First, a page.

Monday, November 23, 2009

On to the Jungle

Maya Waiting at the Side of the Road, Pifo

We are planning our next trip to the jungle. I have never been to the south side of the Napo River, where 'Shiripuno Lodge' is located. We will fly to Coca, take a three hour drive, and then a four hour boat ride to the lodge, deep in Huaorani territory. We will leave Thursday morning and return by Monday. Maya is very serious about preparing for a Christmas performance and does not want to miss any ballet classes, so I am making last minute arrangements to have her stay with Isabel, who will take take wonderful care of her. I am also hoping that Maya will learn more Spanish when she does not have an opportunity to ask for a translation.

The Huaorani are an indigenous tribe who live deep in the jungle and have never been truly conquered. Their language and origins and character are quite different from the Quichua we usually encounter when we visit Sacha Lodge or Casa del Suizo. They are unpredictable. We will be visiting a Huaorani village to learn about their customs and traditions, but most of our time will centre around seeing plants and animals, which are different again from the north of the Napo, where we have visited before.

Eric will be setting up his equipment to record bats and fish, so this will be a working visit for him (of course every visit to the forest is a working event for him). His student Pamela will be helping him, and a student from Spanish school and her boyfriend will be the tourists on the trip. I will be both a tourist and all around helper in the advancement of science!

My greatest challenge is to recover from the flu, which appears better at times and much worse at others. I am afraid I infected my Spanish teacher, who spent all weekend in bed fighting a cold. We coughed our way through four hours of Spanish class, and both plan to spend some time in bed tomorrow to try to beat this very intense and protracted illness. My approach thus far has been an effort to ignore how ill I am and continue with my usual activities. Eric and I both had salsa classes today and then tried to practice together tonight and nothing quite worked when we tried to dance together. We are having separate lessons with different teachers, but evidently they are not quite teaching us the same moves, so we are dancing different dances, and cannot quite make them synch. The salsa challenge is much greater than I imagined.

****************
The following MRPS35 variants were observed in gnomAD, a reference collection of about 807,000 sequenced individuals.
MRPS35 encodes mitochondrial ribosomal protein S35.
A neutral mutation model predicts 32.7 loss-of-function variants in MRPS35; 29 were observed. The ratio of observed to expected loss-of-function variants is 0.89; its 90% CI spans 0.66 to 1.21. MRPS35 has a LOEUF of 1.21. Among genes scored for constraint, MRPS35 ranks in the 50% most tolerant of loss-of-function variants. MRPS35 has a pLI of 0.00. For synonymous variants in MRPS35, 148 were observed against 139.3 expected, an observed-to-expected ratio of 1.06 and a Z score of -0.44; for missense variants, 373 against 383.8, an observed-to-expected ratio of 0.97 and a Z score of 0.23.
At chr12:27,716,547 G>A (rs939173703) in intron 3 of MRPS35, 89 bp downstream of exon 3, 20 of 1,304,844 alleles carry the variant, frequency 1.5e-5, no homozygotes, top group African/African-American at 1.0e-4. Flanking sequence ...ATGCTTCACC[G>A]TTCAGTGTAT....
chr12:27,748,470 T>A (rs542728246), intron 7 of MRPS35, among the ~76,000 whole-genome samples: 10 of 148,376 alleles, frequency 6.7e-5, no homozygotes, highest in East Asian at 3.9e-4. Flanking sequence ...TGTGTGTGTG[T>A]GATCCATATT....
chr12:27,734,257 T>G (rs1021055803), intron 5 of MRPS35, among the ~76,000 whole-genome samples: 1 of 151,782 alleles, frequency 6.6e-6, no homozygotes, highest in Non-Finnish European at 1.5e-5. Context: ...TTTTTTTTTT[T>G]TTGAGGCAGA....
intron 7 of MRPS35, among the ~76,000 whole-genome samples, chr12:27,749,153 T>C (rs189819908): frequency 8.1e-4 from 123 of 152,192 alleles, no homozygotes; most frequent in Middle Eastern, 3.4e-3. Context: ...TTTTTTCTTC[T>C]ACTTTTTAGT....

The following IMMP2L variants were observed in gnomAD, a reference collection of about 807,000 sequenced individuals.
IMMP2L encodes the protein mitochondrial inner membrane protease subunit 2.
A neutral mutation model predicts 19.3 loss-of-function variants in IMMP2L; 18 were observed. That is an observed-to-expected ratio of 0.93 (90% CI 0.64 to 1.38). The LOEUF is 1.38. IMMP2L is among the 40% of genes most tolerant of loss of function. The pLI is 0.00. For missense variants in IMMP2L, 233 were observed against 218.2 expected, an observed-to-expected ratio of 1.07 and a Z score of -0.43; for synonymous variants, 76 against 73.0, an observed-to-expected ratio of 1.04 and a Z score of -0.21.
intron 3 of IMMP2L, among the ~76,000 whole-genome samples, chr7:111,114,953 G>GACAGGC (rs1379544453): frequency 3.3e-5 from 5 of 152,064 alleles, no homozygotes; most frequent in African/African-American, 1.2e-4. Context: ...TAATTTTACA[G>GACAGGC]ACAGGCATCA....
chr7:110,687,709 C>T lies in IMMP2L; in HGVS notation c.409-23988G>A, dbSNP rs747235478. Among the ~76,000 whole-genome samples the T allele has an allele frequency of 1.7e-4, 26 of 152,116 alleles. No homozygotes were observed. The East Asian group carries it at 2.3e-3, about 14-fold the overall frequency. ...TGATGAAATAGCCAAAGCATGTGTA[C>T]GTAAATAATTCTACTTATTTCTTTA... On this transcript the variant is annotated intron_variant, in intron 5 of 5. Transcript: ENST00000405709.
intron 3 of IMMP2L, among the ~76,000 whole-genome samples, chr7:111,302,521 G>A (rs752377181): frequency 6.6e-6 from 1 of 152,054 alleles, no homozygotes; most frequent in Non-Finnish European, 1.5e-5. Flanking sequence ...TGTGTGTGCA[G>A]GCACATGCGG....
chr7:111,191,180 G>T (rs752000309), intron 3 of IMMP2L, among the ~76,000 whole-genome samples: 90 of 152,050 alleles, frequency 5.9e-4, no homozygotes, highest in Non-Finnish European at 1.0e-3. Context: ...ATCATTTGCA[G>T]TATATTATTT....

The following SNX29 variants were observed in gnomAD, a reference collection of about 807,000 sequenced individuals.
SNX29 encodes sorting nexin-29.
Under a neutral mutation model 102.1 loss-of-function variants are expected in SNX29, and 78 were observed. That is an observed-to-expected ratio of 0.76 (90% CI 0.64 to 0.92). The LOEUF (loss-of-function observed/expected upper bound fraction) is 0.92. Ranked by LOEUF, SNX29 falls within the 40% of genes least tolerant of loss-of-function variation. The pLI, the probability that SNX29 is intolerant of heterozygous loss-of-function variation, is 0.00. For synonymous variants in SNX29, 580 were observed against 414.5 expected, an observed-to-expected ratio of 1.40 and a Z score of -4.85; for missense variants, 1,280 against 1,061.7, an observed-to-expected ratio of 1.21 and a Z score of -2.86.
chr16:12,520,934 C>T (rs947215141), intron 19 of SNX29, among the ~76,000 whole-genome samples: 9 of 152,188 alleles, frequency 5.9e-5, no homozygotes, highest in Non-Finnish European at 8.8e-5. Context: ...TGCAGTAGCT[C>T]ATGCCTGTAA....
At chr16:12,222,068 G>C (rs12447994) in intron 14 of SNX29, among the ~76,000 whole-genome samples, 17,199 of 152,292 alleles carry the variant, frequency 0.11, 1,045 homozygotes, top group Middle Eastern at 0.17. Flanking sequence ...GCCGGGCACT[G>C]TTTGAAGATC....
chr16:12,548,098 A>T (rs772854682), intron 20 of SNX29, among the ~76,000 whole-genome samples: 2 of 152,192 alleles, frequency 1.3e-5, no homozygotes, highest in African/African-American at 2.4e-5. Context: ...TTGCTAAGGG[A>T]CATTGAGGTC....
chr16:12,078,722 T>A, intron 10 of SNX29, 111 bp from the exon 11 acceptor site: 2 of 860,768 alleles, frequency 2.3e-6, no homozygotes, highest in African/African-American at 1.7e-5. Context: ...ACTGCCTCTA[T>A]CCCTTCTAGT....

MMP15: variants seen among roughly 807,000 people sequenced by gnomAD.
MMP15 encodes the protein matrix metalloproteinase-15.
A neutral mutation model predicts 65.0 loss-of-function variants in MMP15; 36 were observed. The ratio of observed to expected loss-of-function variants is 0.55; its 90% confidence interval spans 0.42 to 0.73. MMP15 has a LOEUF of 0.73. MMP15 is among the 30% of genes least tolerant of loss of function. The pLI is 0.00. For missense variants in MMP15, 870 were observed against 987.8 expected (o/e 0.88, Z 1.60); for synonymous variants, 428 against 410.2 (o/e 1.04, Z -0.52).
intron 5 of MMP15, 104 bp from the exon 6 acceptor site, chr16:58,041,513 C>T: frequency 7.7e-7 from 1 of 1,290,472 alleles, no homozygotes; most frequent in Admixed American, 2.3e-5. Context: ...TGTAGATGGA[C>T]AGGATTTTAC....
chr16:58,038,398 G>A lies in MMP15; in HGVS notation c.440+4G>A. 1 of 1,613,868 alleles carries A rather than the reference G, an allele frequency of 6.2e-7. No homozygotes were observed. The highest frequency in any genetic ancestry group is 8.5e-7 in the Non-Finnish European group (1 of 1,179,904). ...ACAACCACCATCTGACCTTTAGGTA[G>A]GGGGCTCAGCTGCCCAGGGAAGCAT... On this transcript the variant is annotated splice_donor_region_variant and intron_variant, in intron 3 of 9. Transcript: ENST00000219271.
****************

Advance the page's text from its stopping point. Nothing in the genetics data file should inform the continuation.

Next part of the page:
El Quinche Faces:


  1. try 5000 iu of vitamin d daily. it will wipe it out for sure. let me know if you need a referral for an integrative physician in quito.

  2. I'll try the Vitamin D...I am worried about pneumonia. Where so you suggest I seek medical care if I do in fact have pneumonia? I may try to start a course of Zithromax if I can prescribe it for myself at the pharmacy. I am not getting better!

  3. You can go to Hospital Metropolitano. It's the best in Quito, and even so, not very expensive. I had an emergency visit there not long ago that totalled less than $100.

  4. vitamin d works- take a look at this is a well respected organization that researches primarily natural supplements.

    for a doctor try contacting Dr. Robert B. Wickman M. Médico Osteólogo teléfono: 593-2-241274 593-9-706434 Fax : 593-2-441254. he is american.

  5. also, why would you take zithro if you dont know (a) if you have pneumonia or (b) if you do have it, whether its viral or bacterial?

  6. It is totally a psychological thing. I want my immune system to fight the virus or the bacteria. If I believe the zithro will work, it will boost my immune cells. I feel pretty weak and defeated by this virus and perhaps this secondary bacterial infection (mucus looks bacterial). In truth, I don't think the zithromax is necessary to fight the infection, I am desperate to be well by Thursday!